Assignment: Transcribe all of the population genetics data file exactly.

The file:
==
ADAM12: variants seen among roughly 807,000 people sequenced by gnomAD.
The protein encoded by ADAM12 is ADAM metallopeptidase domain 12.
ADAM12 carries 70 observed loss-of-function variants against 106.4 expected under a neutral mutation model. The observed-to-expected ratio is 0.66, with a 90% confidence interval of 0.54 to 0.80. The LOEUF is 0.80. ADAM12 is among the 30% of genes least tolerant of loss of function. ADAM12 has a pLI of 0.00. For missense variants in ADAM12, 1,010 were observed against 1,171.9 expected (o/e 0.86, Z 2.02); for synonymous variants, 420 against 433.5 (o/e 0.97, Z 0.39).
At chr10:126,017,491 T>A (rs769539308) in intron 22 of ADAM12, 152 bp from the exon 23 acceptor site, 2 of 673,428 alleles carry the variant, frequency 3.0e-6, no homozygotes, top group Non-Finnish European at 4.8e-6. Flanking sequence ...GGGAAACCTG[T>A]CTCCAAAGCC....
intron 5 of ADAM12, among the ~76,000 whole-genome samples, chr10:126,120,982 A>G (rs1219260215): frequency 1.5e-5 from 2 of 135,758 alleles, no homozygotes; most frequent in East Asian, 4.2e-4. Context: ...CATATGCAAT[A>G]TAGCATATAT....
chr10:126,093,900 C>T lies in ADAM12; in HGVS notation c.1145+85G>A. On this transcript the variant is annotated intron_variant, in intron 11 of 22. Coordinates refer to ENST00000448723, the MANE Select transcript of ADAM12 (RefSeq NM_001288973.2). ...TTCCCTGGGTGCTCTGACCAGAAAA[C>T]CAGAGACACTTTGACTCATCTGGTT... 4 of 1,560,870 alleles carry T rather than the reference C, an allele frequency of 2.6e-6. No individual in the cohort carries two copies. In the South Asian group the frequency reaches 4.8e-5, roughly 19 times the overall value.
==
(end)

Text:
ADAM12: variants seen among roughly 807,000 people sequenced by gnomAD.
The protein encoded by ADAM12 is ADAM metallopeptidase domain 12.
ADAM12 carries 70 observed loss-of-function variants against 106.4 expected under a neutral mutation model. The observed-to-expected ratio is 0.66, with a 90% confidence interval of 0.54 to 0.80. The LOEUF is 0.80. ADAM12 is among the 30% of genes least tolerant of loss of function. ADAM12 has a pLI of 0.00. For missense variants in ADAM12, 1,010 were observed against 1,171.9 expected (o/e 0.86, Z 2.02); for synonymous variants, 420 against 433.5 (o/e 0.97, Z 0.39).
At chr10:126,017,491 T>A (rs769539308) in intron 22 of ADAM12, 152 bp from the exon 23 acceptor site, 2 of 673,428 alleles carry the variant, frequency 3.0e-6, no homozygotes, top group Non-Finnish European at 4.8e-6. Flanking sequence ...GGGAAACCTG[T>A]CTCCAAAGCC....
intron 5 of ADAM12, among the ~76,000 whole-genome samples, chr10:126,120,982 A>G (rs1219260215): frequency 1.5e-5 from 2 of 135,758 alleles, no homozygotes; most frequent in East Asian, 4.2e-4. Context: ...CATATGCAAT[A>G]TAGCATATAT....
chr10:126,093,900 C>T lies in ADAM12; in HGVS notation c.1145+85G>A. On this transcript the variant is annotated intron_variant, in intron 11 of 22. Coordinates refer to ENST00000448723, the MANE Select transcript of ADAM12 (RefSeq NM_001288973.2). ...TTCCCTGGGTGCTCTGACCAGAAAA[C>T]CAGAGACACTTTGACTCATCTGGTT... 4 of 1,560,870 alleles carry T rather than the reference C, an allele frequency of 2.6e-6. No individual in the cohort carries two copies. In the South Asian group the frequency reaches 4.8e-5, roughly 19 times the overall value.